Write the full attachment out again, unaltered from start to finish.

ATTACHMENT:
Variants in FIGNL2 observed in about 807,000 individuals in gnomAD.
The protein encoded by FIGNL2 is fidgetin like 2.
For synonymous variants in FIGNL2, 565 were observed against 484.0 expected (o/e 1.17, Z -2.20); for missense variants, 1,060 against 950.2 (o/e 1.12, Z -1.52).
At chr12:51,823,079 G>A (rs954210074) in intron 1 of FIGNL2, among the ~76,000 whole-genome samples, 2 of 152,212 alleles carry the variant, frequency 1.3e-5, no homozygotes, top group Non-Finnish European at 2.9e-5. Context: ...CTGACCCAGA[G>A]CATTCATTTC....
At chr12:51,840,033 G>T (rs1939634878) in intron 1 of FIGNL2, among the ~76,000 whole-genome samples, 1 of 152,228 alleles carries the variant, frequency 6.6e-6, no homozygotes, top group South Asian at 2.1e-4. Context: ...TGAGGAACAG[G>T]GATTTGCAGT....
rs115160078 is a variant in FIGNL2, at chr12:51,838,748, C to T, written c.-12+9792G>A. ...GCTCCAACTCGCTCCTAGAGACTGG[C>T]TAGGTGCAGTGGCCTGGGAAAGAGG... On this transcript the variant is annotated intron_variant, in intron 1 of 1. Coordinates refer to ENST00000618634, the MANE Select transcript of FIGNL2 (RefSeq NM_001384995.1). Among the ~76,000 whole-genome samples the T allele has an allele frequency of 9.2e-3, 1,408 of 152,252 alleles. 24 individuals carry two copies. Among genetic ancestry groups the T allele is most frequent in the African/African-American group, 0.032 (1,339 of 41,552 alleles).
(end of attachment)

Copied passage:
Variants in FIGNL2 observed in about 807,000 individuals in gnomAD.
The protein encoded by FIGNL2 is fidgetin like 2.
For synonymous variants in FIGNL2, 565 were observed against 484.0 expected (o/e 1.17, Z -2.20); for missense variants, 1,060 against 950.2 (o/e 1.12, Z -1.52).
At chr12:51,823,079 G>A (rs954210074) in intron 1 of FIGNL2, among the ~76,000 whole-genome samples, 2 of 152,212 alleles carry the variant, frequency 1.3e-5, no homozygotes, top group Non-Finnish European at 2.9e-5. Context: ...CTGACCCAGA[G>A]CATTCATTTC....
At chr12:51,840,033 G>T (rs1939634878) in intron 1 of FIGNL2, among the ~76,000 whole-genome samples, 1 of 152,228 alleles carries the variant, frequency 6.6e-6, no homozygotes, top group South Asian at 2.1e-4. Context: ...TGAGGAACAG[G>T]GATTTGCAGT....
rs115160078 is a variant in FIGNL2, at chr12:51,838,748, C to T, written c.-12+9792G>A. ...GCTCCAACTCGCTCCTAGAGACTGG[C>T]TAGGTGCAGTGGCCTGGGAAAGAGG... On this transcript the variant is annotated intron_variant, in intron 1 of 1. Coordinates refer to ENST00000618634, the MANE Select transcript of FIGNL2 (RefSeq NM_001384995.1). Among the ~76,000 whole-genome samples the T allele has an allele frequency of 9.2e-3, 1,408 of 152,252 alleles. 24 individuals carry two copies. Among genetic ancestry groups the T allele is most frequent in the African/African-American group, 0.032 (1,339 of 41,552 alleles).